Her Own Room

Girl Embroidering 
Georg Friedrich Kersting (c.1814)

The desire for a room of one’s own was not simply a matter of personal privacy.  It demonstrated the growing awareness of individuality–of a growing personal inner life–and the need to express this individuality in physical ways.  Much had changed since the seventeenth century.  […]

We know immediately that the room [in painting] is hers.  Those are her plants on the windowsill; it is her guitar and sheet music on the settee; it is she who has hung the picture of the young man on the wall and draped it with flowers. […]

Fanny Price, the heroine of Jane Austen’s novel Mansfield Park (written the year before Kersting painted this picture), had a room where she could go “after anything unpleasant below, and find immediate consolation in some pursuit, or some train of thought at hand.  Her plants, her books–of which she had been a collector from the first hour of her commanding a shilling–her writing desk, and her works of charity and ingenuity, were all within her reach; or if indisposed for employment, if nothing but musing would do, she could scarcely see an object in that room which had not an interesting remembrance connected with it.”

~  Witold Rybczynksi in Home, A Short History of an Idea

*     *     *     *    *

Did you have your own room when you were a child? 

I did, but it was a closet.  I loved that little room…most of the time.  Another post, another day.  My husband always shared with his brother, shared with his roommates, shared with his wife.  He’s never had a room of his own.  [moment of respectful silence]   There are worse things to endure!  And that bit about my husband  having to share hasn’t been mentioned in decades.  So don’t think he’s bitter. [wink]

My thoughts are like children bursting out the school door for recess.  Screaming with exhuberance, focused on the far side of the playground, these thoughts will not stand still.  So let them gallop and romp.  There will be time for corralling soon enough.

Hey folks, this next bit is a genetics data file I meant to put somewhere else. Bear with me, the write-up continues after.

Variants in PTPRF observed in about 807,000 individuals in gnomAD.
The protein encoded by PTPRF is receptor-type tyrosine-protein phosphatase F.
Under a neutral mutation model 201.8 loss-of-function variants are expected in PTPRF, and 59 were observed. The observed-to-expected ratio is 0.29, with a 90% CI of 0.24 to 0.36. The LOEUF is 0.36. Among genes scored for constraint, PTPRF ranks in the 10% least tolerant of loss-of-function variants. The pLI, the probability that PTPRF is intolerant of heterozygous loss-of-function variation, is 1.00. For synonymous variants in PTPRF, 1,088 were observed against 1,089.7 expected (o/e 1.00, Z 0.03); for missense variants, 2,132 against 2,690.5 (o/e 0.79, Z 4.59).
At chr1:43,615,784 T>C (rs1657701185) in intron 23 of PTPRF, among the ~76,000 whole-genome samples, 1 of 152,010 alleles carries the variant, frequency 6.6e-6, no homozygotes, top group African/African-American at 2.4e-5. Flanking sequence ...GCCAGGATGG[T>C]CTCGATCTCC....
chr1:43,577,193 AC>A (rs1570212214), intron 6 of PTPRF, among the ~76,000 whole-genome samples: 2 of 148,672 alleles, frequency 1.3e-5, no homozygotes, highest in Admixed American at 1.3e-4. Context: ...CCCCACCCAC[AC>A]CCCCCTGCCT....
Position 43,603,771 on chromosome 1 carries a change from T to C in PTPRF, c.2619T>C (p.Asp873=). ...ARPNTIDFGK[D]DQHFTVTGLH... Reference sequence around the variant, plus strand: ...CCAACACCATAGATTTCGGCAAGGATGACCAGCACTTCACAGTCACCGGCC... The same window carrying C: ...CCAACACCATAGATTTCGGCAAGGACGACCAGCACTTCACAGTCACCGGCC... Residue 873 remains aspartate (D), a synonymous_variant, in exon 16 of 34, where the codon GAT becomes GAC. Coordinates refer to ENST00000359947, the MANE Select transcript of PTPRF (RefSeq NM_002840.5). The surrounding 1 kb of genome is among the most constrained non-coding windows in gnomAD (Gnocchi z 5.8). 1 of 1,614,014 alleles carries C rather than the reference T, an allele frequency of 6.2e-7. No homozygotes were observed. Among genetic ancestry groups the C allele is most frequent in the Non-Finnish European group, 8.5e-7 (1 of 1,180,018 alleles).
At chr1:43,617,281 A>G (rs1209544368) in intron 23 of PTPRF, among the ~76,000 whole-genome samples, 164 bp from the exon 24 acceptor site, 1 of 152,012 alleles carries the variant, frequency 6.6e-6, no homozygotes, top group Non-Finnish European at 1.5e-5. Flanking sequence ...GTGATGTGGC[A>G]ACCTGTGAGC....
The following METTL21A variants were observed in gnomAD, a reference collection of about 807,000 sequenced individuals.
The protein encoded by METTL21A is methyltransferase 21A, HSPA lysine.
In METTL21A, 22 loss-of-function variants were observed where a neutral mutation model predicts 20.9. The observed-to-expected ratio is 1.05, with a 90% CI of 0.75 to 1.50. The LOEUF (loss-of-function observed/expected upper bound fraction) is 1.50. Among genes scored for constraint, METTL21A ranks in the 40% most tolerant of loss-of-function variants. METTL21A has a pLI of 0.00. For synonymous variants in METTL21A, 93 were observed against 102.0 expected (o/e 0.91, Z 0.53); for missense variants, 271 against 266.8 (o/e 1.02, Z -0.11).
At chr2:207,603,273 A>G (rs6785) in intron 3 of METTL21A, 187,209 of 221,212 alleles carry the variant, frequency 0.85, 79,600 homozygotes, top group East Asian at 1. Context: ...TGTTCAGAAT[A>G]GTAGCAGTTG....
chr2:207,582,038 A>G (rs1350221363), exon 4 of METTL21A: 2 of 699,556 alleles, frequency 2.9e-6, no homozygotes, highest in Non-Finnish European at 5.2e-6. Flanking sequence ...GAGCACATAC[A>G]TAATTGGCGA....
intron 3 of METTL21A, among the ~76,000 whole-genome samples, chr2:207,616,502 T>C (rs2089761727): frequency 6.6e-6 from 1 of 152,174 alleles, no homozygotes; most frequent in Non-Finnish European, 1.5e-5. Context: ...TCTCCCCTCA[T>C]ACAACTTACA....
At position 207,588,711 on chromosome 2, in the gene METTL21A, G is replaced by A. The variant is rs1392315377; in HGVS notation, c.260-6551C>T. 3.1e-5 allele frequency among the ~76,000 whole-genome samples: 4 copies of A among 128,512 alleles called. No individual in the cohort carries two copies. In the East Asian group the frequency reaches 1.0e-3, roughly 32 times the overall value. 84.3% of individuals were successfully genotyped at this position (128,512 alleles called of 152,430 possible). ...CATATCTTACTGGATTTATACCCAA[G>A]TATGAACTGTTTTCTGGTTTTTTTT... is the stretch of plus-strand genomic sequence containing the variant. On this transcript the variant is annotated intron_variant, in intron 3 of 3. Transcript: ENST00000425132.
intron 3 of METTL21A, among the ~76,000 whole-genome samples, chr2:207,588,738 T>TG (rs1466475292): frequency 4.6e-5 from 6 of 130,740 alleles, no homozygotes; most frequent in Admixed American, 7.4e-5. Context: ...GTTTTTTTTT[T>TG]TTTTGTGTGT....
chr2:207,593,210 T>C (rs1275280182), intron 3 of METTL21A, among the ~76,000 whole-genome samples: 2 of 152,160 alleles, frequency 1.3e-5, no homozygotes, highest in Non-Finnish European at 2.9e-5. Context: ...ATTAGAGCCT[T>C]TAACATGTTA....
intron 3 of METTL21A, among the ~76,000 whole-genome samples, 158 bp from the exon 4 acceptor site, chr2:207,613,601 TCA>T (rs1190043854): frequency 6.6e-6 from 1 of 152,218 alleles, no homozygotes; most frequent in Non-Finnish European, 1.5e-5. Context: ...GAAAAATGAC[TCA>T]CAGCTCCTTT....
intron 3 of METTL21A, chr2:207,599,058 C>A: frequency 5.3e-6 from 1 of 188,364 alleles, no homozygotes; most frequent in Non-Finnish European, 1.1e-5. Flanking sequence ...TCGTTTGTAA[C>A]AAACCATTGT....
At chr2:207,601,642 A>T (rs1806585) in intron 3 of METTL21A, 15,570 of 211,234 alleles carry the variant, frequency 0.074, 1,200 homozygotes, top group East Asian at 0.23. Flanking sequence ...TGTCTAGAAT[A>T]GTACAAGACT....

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9 thoughts on “Her Own Room

  1. I did have my own room for a very short time when I was about 3 & 4, before my parents divorced.  Then, we lived in an apartment, and I shared a room with my mom, until she remarried and I shared a room with two step-sisters (not a good memory, that).  I did live by myself for several years before marriage, and then I had the whole place to myself (wouldn’t want to go back to that life, either!).
    My husband always shared a room, too, but my boys have always had rooms of their own (until my oldest was in college, that is, but now in grad school he has his own apt.).

  2. My sister and I always shared a room, and there was a LOT of learning done in and through that sharing.  I wouldn’t trade it for anything, even though we fought like cats and dogs for much of it!My daughters (yes, all 4 of them!) shared one room for quite a few years – 2 bunkbeds in a 10 X 14 room.  At one point I remember telling them about the people in the Philippines (I had just heard a missionary talk about it) who tunnel out space underneath houses to sleep in, and how thankful they should be, etc.  They are all still quite close (ages 21-27) today and meet together one night a week (…well, most weeks) for what they call “Girls Night.”  The lessons learned about sharing and kindness to one another are priceless.